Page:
6. And maybe actually just stop buying new clothes in general.

    Or limit yourself to no fast fashion. Or maybe you limit yourself to only the $$ amount that you're able to get back from your current wardrobe (if you have a resale shop like Buffalo Exchange in your area or have the patience to sell on a resale app like Poshmark or Depop).

    Some other helpful rules you could set for yourself if you're addicted to buying new clothing:

    1) Any new clothes must be on the French wardrobe list.

    2) Ask yourself questions like, "Will I wear this at least 30 times? Does it work with my other clothes?"

    3) If you don't wear it within a week, return it.

    7. Stop buying repeats of things.

    Maybe you love an item so much, you want it in every color. Or maybe you just never met a pair of plain black ankle boots that you didn't like. We all have that ~one thing~ that we can't get enough of, whether it's a certain kind of sneaker, a certain kind of black-and-white striped top, or a certain style of jeans. Resist the urge to keep buying the same things over and over again just because you like them!

    8. Stop impulse-buying things at the grocery store you're not going to actually eat this week.

    9. You can probably live without new stationery...for now.

    Stationery is delightful and not terribly expensive, which seems to be why so many of us are enticed into buying it. There's also this subconscious hope that that new pen, notebook, or planner is going to make us so much more organized, creative, and productive in life. That might happen — but it probably won't.

    10. Limit eating/drinking out in some way, shape, or form.

    Whether it's your everyday morning coffee, ordering delivery, or buying lunch at work, you can start by cutting out one regular habit that adds up. You could also resolve to only use the gift cards you've received in the past so you're not spending any new money. Or you could resolve to stop ordering alcohol with meals (but maybe BYOB is OK). There are so many ways to pull back on spending without completely depriving yourself.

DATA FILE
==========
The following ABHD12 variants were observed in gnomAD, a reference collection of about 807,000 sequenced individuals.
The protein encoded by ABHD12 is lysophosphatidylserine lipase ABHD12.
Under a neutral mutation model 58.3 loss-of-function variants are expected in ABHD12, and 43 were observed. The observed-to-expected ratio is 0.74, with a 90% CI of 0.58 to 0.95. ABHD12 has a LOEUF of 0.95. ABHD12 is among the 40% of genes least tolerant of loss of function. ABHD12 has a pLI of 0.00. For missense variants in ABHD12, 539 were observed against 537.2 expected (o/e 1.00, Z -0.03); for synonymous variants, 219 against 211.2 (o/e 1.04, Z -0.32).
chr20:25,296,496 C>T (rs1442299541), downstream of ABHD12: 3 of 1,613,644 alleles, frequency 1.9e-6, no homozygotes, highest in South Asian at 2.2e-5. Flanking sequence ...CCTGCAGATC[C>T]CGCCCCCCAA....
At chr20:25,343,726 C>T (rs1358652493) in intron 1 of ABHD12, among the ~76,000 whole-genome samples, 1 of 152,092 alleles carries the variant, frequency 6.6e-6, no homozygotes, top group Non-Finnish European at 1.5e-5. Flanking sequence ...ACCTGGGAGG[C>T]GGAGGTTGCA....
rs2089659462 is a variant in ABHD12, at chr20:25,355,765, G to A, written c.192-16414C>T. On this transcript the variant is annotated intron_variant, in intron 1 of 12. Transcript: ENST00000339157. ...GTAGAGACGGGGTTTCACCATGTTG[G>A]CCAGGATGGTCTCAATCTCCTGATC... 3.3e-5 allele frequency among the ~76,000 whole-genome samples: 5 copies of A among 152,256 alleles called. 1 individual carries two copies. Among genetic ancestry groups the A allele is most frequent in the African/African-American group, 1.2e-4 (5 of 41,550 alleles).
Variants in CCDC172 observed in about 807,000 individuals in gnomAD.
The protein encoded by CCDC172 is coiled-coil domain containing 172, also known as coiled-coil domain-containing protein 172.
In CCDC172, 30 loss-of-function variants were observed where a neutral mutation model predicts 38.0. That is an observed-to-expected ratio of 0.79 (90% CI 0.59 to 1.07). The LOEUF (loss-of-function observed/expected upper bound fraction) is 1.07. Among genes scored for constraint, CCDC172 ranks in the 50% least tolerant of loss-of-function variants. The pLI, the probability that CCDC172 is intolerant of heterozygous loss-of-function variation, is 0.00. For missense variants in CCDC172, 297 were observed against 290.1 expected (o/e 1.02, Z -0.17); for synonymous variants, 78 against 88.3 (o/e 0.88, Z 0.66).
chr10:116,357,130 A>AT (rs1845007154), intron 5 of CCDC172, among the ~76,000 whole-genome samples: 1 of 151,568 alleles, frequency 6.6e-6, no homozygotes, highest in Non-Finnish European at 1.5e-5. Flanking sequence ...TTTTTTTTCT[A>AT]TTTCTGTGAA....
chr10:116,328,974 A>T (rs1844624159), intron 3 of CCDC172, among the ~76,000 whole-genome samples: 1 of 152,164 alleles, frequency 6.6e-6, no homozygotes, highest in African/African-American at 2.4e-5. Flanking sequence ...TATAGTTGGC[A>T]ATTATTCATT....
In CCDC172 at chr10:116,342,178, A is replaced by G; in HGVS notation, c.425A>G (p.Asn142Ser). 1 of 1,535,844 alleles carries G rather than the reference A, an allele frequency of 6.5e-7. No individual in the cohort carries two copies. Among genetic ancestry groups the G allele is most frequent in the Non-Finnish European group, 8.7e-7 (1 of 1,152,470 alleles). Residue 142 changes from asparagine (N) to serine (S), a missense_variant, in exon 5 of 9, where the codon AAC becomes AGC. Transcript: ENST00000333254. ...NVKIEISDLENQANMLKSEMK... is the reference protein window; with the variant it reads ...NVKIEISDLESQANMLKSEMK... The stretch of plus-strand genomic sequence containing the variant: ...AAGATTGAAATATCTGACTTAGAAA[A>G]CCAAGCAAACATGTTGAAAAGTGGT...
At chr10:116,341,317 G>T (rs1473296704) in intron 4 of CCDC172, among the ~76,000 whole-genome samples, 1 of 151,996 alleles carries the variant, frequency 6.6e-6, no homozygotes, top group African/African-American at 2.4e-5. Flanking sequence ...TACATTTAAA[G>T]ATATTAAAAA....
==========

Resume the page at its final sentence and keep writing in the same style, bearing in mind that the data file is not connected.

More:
11. Utilize the "replace only" rule for cleaning supplies.

    It seems like every time I go to Target, there are hundreds of new cleaning supplies, tempting me with its new-and-improved millennial pink packaging or some promise of a groundbreaking new cleaning technology that is going to change my life forever. The rule is: you can buy them! Someday, when the ones at home actually run out.

    12. Let more time elapse between between beauty treatments like hair appointments, manicures, or waxes.

    Try doubling the time in between and consider the mountains of cash you'll have saved by end of year.

    13. Don't get suckered into new subscription services.


    Or...make it a rule that you have to cancel one before you start another.

    14. Only buy used for home decor and clothing.

    If you just moved into a new place, feel free to ignore this one! But for most of us, we're settled into our homes but we always feel like it could be a little bit better or fresher or what have you. Resolve to get creative by finding things at thrift stores or on Craigslist — you'll eventually find the item you want, or just completely forget that you ever wanted it to begin with.

    15. Remember that sales are not special.


    Sales have a way of making you think they're special snowflakes. This year, I noticed that many of the sales that happened during Black Friday happened AGAIN during Christmas. The exact same sales. Just remember that sales are not unique, they happen over and over again, and there's no need to impulse buy something just because it's on sale.

    Of course, the possibilities are endless, depending on what your lifestyle is.

    You could stop buying video games, records, lottery tickets, kitchen accessories, or single-use products like wipes. Maybe you want to make exceptions for things like school books or art supplies. This is a (hopefully creative and somewhat fulfilling!) exercise in seeing if we can learn to live without, and trying to get use out of the things we already own.

    Quotes have been edited for length and clarity.